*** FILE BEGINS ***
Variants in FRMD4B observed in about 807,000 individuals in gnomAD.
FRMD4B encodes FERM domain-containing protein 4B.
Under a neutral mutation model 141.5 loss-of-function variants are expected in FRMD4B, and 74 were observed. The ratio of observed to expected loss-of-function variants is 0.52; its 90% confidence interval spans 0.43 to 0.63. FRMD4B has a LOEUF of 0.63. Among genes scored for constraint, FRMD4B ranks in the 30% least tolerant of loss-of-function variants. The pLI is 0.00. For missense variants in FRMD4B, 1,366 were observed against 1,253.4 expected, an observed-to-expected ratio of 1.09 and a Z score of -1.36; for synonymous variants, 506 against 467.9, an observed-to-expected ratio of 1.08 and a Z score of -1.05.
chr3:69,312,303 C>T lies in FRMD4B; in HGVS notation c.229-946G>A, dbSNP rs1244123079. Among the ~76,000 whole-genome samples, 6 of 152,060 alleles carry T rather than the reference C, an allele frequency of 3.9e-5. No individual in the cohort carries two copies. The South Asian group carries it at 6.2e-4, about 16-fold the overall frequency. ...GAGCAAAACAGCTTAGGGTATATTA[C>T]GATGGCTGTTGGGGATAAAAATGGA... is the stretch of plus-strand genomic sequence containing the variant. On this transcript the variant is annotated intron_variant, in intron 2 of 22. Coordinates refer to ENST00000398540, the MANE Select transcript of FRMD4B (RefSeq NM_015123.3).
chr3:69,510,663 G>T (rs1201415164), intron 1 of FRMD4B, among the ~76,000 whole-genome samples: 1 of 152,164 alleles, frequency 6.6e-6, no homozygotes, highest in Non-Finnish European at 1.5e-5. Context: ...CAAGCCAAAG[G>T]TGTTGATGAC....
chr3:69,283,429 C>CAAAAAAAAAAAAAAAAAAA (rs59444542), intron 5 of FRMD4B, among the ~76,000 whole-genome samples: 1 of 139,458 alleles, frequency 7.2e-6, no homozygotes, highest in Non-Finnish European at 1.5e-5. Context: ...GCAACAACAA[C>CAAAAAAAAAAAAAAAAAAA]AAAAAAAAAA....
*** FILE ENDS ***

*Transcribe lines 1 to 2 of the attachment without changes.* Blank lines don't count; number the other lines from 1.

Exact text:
Variants in FRMD4B observed in about 807,000 individuals in gnomAD.
FRMD4B encodes FERM domain-containing protein 4B.